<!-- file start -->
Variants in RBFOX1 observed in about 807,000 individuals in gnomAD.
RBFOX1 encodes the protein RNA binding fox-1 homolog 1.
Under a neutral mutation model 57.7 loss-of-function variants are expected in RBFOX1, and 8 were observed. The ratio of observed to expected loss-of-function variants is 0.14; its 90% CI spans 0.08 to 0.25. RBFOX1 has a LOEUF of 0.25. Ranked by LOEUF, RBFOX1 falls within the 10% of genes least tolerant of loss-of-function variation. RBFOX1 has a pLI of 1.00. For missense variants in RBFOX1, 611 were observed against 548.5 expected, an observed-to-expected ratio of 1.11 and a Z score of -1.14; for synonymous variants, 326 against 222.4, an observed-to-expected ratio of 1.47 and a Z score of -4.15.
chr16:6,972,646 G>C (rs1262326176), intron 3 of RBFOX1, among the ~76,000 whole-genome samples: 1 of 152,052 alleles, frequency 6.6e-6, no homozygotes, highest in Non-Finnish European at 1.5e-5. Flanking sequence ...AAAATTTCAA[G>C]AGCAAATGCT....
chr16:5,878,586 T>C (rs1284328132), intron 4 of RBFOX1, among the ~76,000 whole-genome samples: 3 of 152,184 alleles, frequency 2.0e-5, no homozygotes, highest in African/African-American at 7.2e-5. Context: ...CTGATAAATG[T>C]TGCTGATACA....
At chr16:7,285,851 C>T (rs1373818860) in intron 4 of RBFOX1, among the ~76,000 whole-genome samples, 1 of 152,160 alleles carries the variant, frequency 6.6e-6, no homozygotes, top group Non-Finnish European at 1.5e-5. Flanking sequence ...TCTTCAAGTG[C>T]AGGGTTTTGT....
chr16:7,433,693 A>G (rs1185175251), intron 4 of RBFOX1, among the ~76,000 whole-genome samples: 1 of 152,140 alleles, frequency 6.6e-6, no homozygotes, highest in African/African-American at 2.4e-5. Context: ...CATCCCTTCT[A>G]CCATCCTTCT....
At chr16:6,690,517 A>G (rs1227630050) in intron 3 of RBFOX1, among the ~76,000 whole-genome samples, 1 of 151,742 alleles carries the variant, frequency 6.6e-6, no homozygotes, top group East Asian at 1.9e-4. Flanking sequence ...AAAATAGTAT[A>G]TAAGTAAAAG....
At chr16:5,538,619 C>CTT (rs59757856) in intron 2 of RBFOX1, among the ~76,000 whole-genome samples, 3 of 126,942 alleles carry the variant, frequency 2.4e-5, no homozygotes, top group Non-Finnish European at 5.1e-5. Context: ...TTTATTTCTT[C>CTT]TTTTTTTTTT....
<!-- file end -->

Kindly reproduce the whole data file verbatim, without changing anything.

Variants in RBFOX1 observed in about 807,000 individuals in gnomAD.
RBFOX1 encodes the protein RNA binding fox-1 homolog 1.
Under a neutral mutation model 57.7 loss-of-function variants are expected in RBFOX1, and 8 were observed. The ratio of observed to expected loss-of-function variants is 0.14; its 90% CI spans 0.08 to 0.25. RBFOX1 has a LOEUF of 0.25. Ranked by LOEUF, RBFOX1 falls within the 10% of genes least tolerant of loss-of-function variation. RBFOX1 has a pLI of 1.00. For missense variants in RBFOX1, 611 were observed against 548.5 expected, an observed-to-expected ratio of 1.11 and a Z score of -1.14; for synonymous variants, 326 against 222.4, an observed-to-expected ratio of 1.47 and a Z score of -4.15.
chr16:6,972,646 G>C (rs1262326176), intron 3 of RBFOX1, among the ~76,000 whole-genome samples: 1 of 152,052 alleles, frequency 6.6e-6, no homozygotes, highest in Non-Finnish European at 1.5e-5. Flanking sequence ...AAAATTTCAA[G>C]AGCAAATGCT....
chr16:5,878,586 T>C (rs1284328132), intron 4 of RBFOX1, among the ~76,000 whole-genome samples: 3 of 152,184 alleles, frequency 2.0e-5, no homozygotes, highest in African/African-American at 7.2e-5. Context: ...CTGATAAATG[T>C]TGCTGATACA....
At chr16:7,285,851 C>T (rs1373818860) in intron 4 of RBFOX1, among the ~76,000 whole-genome samples, 1 of 152,160 alleles carries the variant, frequency 6.6e-6, no homozygotes, top group Non-Finnish European at 1.5e-5. Flanking sequence ...TCTTCAAGTG[C>T]AGGGTTTTGT....
chr16:7,433,693 A>G (rs1185175251), intron 4 of RBFOX1, among the ~76,000 whole-genome samples: 1 of 152,140 alleles, frequency 6.6e-6, no homozygotes, highest in African/African-American at 2.4e-5. Context: ...CATCCCTTCT[A>G]CCATCCTTCT....
At chr16:6,690,517 A>G (rs1227630050) in intron 3 of RBFOX1, among the ~76,000 whole-genome samples, 1 of 151,742 alleles carries the variant, frequency 6.6e-6, no homozygotes, top group East Asian at 1.9e-4. Flanking sequence ...AAAATAGTAT[A>G]TAAGTAAAAG....
At chr16:5,538,619 C>CTT (rs59757856) in intron 2 of RBFOX1, among the ~76,000 whole-genome samples, 3 of 126,942 alleles carry the variant, frequency 2.4e-5, no homozygotes, top group Non-Finnish European at 5.1e-5. Context: ...TTTATTTCTT[C>CTT]TTTTTTTTTT....